In the context of the silent masses; indigenous women and girls….
Although limited, evidence gathered to date, on the risk factors and different manifestations of violence against indigenous women and girls must influence global agenda setting milestones, in particular the 2014 World Conference on Indigenous Peoples and the post 2015 development framework. Violence against women and girls is globally recognized as a form of gender based discrimination deeply rooted in values of unequal power relations between males and females.
Violence against women and girls is a universal, unacceptable phenomenon, carrying grave consequences on victims and society.
The United Nations Declaration on the Elimination of Violence Against Women is protective of females of all ages. It defines violence against women as “any act of gender-based violence that results in, or is likely to result in, physical, sexual or mental harm or suffering to women, including threats of such acts, coercion or arbitrary d eprivation of liberty, whether occurring in public or in private life”.1 Its impact ranges from immediate to long-term multiple physical, sexual and psychological consequences on victims as well as tremendous setback to socio-economic development. In its different manifestations —physical, sexual, psychological and economic, the most common forms include domestic violence, (including intimate partner violence) harmful practices, femicide, sexual harassment, sexual violence in conflict, attacks on human rights defenders, forced pregnancy and forced abortion.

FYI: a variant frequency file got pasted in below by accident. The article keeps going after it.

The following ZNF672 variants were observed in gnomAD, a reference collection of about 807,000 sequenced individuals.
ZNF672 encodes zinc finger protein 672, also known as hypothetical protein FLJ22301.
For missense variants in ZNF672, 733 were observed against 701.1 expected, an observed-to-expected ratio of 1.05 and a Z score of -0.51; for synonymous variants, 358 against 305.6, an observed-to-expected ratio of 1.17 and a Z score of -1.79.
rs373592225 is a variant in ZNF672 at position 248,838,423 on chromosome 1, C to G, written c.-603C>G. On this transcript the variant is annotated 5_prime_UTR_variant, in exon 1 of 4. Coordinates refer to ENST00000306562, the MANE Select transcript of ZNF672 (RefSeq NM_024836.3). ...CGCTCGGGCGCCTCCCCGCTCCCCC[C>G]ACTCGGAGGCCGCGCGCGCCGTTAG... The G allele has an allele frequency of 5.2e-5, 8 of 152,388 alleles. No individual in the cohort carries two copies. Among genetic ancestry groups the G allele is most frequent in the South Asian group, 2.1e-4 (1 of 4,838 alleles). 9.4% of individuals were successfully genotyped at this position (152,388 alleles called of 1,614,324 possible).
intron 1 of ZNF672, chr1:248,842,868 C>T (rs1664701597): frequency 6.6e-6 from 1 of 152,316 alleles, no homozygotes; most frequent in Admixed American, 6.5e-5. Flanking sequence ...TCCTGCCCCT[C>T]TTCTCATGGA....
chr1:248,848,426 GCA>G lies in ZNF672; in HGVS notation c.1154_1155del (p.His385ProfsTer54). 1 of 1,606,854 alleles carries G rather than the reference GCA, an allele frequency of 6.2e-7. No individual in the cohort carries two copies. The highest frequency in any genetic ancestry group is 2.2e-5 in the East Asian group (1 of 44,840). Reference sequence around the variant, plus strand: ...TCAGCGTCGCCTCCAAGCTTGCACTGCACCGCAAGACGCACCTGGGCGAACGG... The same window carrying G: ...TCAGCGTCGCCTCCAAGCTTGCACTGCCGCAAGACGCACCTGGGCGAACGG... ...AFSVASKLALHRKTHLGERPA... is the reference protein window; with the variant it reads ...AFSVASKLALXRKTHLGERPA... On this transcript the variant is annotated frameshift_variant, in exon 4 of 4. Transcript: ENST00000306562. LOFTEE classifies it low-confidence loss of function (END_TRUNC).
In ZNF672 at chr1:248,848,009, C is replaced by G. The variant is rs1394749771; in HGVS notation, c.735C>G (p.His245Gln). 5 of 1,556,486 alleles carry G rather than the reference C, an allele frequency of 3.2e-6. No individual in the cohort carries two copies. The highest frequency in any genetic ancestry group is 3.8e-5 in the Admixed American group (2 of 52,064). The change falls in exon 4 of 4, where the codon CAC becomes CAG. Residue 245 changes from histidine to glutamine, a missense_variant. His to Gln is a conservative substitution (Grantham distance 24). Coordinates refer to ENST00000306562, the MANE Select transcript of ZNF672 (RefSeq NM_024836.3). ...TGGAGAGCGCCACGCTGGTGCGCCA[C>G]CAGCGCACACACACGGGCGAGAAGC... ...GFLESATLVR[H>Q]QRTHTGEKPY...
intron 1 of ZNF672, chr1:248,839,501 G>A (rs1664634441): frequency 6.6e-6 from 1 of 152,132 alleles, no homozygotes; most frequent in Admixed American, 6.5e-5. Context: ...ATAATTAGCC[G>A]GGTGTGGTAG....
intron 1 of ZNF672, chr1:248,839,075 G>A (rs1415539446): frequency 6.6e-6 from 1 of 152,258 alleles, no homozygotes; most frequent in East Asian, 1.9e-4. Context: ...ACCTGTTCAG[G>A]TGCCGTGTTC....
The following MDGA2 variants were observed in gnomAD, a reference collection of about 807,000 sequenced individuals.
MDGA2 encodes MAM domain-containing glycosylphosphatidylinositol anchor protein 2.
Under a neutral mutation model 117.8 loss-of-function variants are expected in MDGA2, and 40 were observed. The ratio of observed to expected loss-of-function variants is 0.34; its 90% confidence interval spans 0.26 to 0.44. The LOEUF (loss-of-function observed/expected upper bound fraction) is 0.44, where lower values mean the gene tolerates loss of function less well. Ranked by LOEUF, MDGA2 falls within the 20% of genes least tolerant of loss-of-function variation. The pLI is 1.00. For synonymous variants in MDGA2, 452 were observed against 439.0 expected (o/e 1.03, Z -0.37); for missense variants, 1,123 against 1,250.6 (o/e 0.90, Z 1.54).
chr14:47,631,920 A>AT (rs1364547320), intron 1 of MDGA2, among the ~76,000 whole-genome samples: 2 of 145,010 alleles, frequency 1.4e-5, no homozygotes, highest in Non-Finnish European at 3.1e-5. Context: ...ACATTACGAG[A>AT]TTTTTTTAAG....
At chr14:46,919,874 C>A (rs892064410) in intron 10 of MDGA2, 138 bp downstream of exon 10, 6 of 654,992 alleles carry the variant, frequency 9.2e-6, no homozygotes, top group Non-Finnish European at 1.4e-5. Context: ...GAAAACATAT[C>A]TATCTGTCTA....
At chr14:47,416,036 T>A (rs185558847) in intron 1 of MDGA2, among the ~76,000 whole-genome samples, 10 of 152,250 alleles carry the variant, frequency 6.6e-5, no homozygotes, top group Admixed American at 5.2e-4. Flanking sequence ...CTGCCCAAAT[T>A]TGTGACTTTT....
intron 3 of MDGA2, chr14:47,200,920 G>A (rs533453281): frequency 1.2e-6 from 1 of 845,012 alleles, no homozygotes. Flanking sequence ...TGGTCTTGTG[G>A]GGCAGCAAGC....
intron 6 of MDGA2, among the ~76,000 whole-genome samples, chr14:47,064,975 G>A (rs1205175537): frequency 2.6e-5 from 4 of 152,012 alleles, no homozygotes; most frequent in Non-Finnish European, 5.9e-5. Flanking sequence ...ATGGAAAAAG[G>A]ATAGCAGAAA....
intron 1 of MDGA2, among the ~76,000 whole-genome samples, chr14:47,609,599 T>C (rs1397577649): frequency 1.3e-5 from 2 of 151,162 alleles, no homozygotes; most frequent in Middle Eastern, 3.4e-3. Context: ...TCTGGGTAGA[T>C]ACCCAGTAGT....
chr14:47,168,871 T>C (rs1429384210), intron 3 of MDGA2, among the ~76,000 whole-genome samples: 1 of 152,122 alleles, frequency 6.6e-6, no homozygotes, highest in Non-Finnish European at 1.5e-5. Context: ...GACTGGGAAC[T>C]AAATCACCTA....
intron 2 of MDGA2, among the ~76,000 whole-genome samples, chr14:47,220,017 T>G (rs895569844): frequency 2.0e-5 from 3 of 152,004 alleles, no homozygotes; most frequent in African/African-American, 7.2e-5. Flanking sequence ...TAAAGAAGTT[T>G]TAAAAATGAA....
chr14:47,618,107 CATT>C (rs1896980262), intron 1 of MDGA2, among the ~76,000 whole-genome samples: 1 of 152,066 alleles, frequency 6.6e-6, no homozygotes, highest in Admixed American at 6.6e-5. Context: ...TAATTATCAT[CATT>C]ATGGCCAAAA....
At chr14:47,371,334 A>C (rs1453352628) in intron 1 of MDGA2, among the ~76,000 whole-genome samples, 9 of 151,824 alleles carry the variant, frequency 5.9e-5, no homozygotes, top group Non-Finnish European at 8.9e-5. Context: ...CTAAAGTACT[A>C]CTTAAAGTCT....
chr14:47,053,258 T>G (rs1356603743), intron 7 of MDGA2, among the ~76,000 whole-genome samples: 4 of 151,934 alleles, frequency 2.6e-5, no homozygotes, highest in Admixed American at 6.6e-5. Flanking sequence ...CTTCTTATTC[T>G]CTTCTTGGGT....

Indigenous women and girls suffer discrimination and exclusion based on their multiple identities, including membership of a wider group that is perennially confronted with violations of their right to self-determination.
Indigenous women and girl’s experiences of violence is closely linked to the history of poverty and exclusion of their wider communities – best contextualized in terms of the intersections of race, ethnicity, disability, age, sex and location and mutually reinforcing forms of inequalities. These conditions ensure that they do not benefit to the same extent as their non-indigenous counterparts from services which would otherwise protect them from violence and enhance their ability to seek redress when it does occur.
The United Nations Permanent Forum on Indigenous Issues (UNPFII), the Special Reporters on the rights of Indigenous peoples and the Expert Mechanism on the Rights of Indigenous Peoples have consistently documented the adverse impacts of loss of rights over lands, territories, resources and self-determination over development priorities on the implementation of the United Nations Declaration on the Rights of Indigenous Peoples. While infrastructural development is a fundamental necessity for the fulfillment of economic, social and cultural rights, as well as civil and political rights of all citizens, when such processes take place on the ancestral lands of indigenous peoples without their “free, prior and informed consent” and adequate compensation, the consequences are an erosion of these rights. Displacement, loss of livelihoods, forced migration and relocation increase the risk of trafficking and, economic and sexual exploitation. Indigenous girls and women are also at risk of violence in communities where intra-communal and inter-communal conflicts have arisen, as well as in those that conform to deeply-rooted patriarchal systems and practices that relegate women and girls to subordinate roles and positions in society. The protective environments afforded by both families and communities generally break down in circumstances of displacement, loss of livelihoods, forced migration and relocation.